Shecky Greene ($2.80), an unbeaten 2-year-old colt named for the night-club comedian and ridden by Carlos Marquez, scored a nine-length victory over Sunny South in the $186,700 Arlington-Washington Futurity in Chicago.
Sparkalark ($9), Angel Cordero Jr. up, passed Juke Joint in the stretch and won the $116,195 Sorority Stakes by a length at Monmouth Park, N.J.
Blessing Angelica ($11.80) won the $114,000 Delaware Handicap at Delaware Park for the second consecutive year, beating Grafitti by 3� lengths. Favored Numbered Account finished third and Chou Croute fourth.
TENNIS—CHRIS EVERT won her first major tournament, the $60,000 U.S. Clay Court in Indianapolis, defeating Evonne Goolagong 7-6, 6-1. Miss Evert, who did not lose a set in five matches, beat Margaret Court in the semifinals and Miss Goolagong, for the second time in three tries, in the finals. BOB HEWITT of South Africa defeated Jimmy Connors of Belleville, Ill. 7-6, 6-1, 6-2 in the men's finals.
Mark Cox of Great Britain beat Australia's Roy Ruffles, 6-3, 4-6, 4-6, 6-3, 6-4, to win the $50,000 Cleveland Indoor Classic.
VOLLEYBALL—The UNITED STATES, having once failed to qualify for the Olympics in Cuba a year ago, missed a last opportunity for a Munich berth by finishing behind Poland, Rumania, Holland and France in a qualifying tournament in Paris.
MILEPOSTS—NAMED: As coach of the ABA's new San Diego franchise, K.C. JONES, 40, former Boston Celtic and last year an assistant coach of the Los Angeles Lakers. In the space of two days the team not only selected a head coach but a nickname, the Conquistadors; a general manager, Alex Groza; and 17 draft picks, including Carolina's Larry Miller, who set a league single-game scoring record of 67 points last season.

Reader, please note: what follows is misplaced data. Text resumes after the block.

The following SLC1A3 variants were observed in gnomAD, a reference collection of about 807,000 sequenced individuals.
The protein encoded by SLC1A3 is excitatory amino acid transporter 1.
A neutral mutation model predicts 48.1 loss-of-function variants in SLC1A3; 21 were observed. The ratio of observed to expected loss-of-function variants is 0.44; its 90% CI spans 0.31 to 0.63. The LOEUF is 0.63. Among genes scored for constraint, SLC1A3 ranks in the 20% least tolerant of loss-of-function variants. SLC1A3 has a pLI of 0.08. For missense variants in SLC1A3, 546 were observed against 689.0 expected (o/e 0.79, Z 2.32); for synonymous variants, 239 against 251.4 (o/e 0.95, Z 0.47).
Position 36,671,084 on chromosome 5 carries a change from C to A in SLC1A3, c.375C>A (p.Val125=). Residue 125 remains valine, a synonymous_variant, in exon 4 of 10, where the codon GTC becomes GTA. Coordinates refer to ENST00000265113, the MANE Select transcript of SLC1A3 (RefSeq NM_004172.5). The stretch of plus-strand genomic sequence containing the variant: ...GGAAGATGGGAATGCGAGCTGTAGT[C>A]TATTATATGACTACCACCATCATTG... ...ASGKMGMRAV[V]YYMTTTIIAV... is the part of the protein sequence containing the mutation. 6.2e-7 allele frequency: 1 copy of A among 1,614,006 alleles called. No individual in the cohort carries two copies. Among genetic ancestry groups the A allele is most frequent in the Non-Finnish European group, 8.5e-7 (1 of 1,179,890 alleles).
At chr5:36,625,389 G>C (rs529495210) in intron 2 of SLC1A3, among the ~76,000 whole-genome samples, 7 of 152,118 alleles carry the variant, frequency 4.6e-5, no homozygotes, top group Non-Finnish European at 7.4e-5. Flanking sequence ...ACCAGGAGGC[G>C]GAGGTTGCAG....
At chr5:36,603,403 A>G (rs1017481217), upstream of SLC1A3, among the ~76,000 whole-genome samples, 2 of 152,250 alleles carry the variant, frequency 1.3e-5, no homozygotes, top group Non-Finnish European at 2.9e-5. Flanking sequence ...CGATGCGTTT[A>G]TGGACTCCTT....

SIGNED: By the NBA's Seattle SuperSonics, JOHN BRISKER, 25, thereby solving the mystery of why he was waived out of the ABA after having averaged 28.9 points per game with the defunct Pittsburgh Condors. Brisker had purchased his own contract from the ABA's Dallas Chaparrals in order to become a free agent.
DIED: EDDIE MACHEN, 40, heavyweight contender in the late '50s and early '60s who won 50 fights in his career against only 11 losses and three draws but never fought for the championship; of a fall from a second-story apartment window; in San Francisco.
DIED: GEORGE WEISS, 78, New York Yankee farm director from 1932-47 and general manager from 1947-60, during which time the Yankees won 10 pennants and seven World Series; after a long illness; in Greenwich, Conn. Upon being fired by the Yankees, Weiss became president of the New York Mets in 1961, retiring in 1966.